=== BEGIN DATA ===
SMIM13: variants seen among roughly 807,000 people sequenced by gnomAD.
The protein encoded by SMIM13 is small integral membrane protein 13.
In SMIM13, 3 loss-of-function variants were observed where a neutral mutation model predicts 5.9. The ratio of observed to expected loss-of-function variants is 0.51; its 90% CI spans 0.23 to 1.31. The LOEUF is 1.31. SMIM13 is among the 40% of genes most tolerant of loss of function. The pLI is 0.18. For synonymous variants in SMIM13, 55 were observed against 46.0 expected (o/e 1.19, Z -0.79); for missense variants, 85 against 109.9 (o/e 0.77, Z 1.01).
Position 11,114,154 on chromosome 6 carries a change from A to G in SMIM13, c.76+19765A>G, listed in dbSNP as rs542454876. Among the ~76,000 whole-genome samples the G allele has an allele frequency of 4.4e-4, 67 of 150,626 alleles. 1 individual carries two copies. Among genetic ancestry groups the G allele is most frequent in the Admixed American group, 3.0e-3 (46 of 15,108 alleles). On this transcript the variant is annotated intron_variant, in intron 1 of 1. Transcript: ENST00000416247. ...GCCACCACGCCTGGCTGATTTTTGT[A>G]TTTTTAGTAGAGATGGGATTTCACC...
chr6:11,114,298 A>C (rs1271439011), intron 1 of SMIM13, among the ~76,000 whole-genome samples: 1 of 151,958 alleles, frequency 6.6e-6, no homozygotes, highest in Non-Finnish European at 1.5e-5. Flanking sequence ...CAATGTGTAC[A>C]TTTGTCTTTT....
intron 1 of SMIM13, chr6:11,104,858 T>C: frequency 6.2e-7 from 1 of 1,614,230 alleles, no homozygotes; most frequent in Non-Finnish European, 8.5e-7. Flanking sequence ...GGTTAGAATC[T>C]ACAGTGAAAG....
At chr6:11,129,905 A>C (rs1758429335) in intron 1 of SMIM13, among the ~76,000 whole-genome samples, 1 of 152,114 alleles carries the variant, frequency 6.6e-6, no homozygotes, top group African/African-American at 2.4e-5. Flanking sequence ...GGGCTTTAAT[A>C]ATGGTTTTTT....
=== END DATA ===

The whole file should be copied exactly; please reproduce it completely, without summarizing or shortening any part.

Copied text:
SMIM13: variants seen among roughly 807,000 people sequenced by gnomAD.
The protein encoded by SMIM13 is small integral membrane protein 13.
In SMIM13, 3 loss-of-function variants were observed where a neutral mutation model predicts 5.9. The ratio of observed to expected loss-of-function variants is 0.51; its 90% CI spans 0.23 to 1.31. The LOEUF is 1.31. SMIM13 is among the 40% of genes most tolerant of loss of function. The pLI is 0.18. For synonymous variants in SMIM13, 55 were observed against 46.0 expected (o/e 1.19, Z -0.79); for missense variants, 85 against 109.9 (o/e 0.77, Z 1.01).
Position 11,114,154 on chromosome 6 carries a change from A to G in SMIM13, c.76+19765A>G, listed in dbSNP as rs542454876. Among the ~76,000 whole-genome samples the G allele has an allele frequency of 4.4e-4, 67 of 150,626 alleles. 1 individual carries two copies. Among genetic ancestry groups the G allele is most frequent in the Admixed American group, 3.0e-3 (46 of 15,108 alleles). On this transcript the variant is annotated intron_variant, in intron 1 of 1. Transcript: ENST00000416247. ...GCCACCACGCCTGGCTGATTTTTGT[A>G]TTTTTAGTAGAGATGGGATTTCACC...
chr6:11,114,298 A>C (rs1271439011), intron 1 of SMIM13, among the ~76,000 whole-genome samples: 1 of 151,958 alleles, frequency 6.6e-6, no homozygotes, highest in Non-Finnish European at 1.5e-5. Flanking sequence ...CAATGTGTAC[A>C]TTTGTCTTTT....
intron 1 of SMIM13, chr6:11,104,858 T>C: frequency 6.2e-7 from 1 of 1,614,230 alleles, no homozygotes; most frequent in Non-Finnish European, 8.5e-7. Flanking sequence ...GGTTAGAATC[T>C]ACAGTGAAAG....
At chr6:11,129,905 A>C (rs1758429335) in intron 1 of SMIM13, among the ~76,000 whole-genome samples, 1 of 152,114 alleles carries the variant, frequency 6.6e-6, no homozygotes, top group African/African-American at 2.4e-5. Flanking sequence ...GGGCTTTAAT[A>C]ATGGTTTTTT....